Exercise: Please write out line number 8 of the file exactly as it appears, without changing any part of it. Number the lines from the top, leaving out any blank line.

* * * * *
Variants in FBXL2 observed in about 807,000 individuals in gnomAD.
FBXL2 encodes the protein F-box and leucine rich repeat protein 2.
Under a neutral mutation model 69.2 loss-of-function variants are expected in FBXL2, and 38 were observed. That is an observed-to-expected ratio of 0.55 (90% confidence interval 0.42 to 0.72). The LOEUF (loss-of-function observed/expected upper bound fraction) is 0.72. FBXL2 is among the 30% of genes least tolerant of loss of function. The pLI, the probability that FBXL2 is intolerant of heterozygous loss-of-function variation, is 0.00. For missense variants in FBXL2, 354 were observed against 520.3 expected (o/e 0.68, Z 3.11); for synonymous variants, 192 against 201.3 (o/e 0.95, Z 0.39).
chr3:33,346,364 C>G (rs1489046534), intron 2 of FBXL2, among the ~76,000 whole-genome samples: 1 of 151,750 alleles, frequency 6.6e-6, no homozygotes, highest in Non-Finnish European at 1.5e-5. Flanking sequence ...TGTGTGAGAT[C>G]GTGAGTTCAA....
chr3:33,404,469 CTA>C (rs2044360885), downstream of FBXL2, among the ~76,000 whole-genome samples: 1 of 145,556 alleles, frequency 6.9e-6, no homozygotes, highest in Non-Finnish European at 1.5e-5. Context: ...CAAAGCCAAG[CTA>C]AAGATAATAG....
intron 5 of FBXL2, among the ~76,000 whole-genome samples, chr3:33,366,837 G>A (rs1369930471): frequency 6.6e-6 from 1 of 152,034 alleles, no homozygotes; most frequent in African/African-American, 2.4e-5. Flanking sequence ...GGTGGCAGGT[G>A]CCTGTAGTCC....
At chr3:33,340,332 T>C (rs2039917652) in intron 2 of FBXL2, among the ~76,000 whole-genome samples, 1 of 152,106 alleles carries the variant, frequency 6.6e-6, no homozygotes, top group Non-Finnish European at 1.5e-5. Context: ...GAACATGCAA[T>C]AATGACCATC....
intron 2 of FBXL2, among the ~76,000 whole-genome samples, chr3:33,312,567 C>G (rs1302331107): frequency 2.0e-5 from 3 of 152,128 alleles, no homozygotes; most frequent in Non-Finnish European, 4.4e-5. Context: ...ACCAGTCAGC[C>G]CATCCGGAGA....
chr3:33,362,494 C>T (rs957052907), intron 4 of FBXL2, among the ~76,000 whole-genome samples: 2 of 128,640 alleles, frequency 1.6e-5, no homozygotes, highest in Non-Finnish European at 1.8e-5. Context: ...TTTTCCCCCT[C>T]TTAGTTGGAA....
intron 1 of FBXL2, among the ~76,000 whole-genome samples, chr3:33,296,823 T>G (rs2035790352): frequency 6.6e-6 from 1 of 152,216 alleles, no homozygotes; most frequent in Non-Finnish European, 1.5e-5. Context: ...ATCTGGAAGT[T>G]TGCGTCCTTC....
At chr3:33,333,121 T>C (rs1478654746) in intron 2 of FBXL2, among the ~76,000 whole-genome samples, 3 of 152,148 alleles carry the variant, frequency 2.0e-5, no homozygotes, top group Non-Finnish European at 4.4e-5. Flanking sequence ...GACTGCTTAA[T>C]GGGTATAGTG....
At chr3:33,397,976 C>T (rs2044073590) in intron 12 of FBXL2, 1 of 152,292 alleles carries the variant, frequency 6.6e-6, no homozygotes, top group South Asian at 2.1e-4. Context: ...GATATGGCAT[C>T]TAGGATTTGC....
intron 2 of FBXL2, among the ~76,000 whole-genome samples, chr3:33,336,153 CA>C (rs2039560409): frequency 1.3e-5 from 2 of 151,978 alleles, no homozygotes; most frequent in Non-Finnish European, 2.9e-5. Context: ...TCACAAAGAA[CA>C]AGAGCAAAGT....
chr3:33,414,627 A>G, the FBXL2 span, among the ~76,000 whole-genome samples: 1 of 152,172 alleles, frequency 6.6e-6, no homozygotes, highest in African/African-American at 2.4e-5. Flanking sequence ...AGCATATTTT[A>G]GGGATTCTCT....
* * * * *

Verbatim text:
intron 2 of FBXL2, among the ~76,000 whole-genome samples, chr3:33,312,567 C>G (rs1302331107): frequency 2.0e-5 from 3 of 152,128 alleles, no homozygotes; most frequent in Non-Finnish European, 4.4e-5. Context: ...ACCAGTCAGC[C>G]CATCCGGAGA....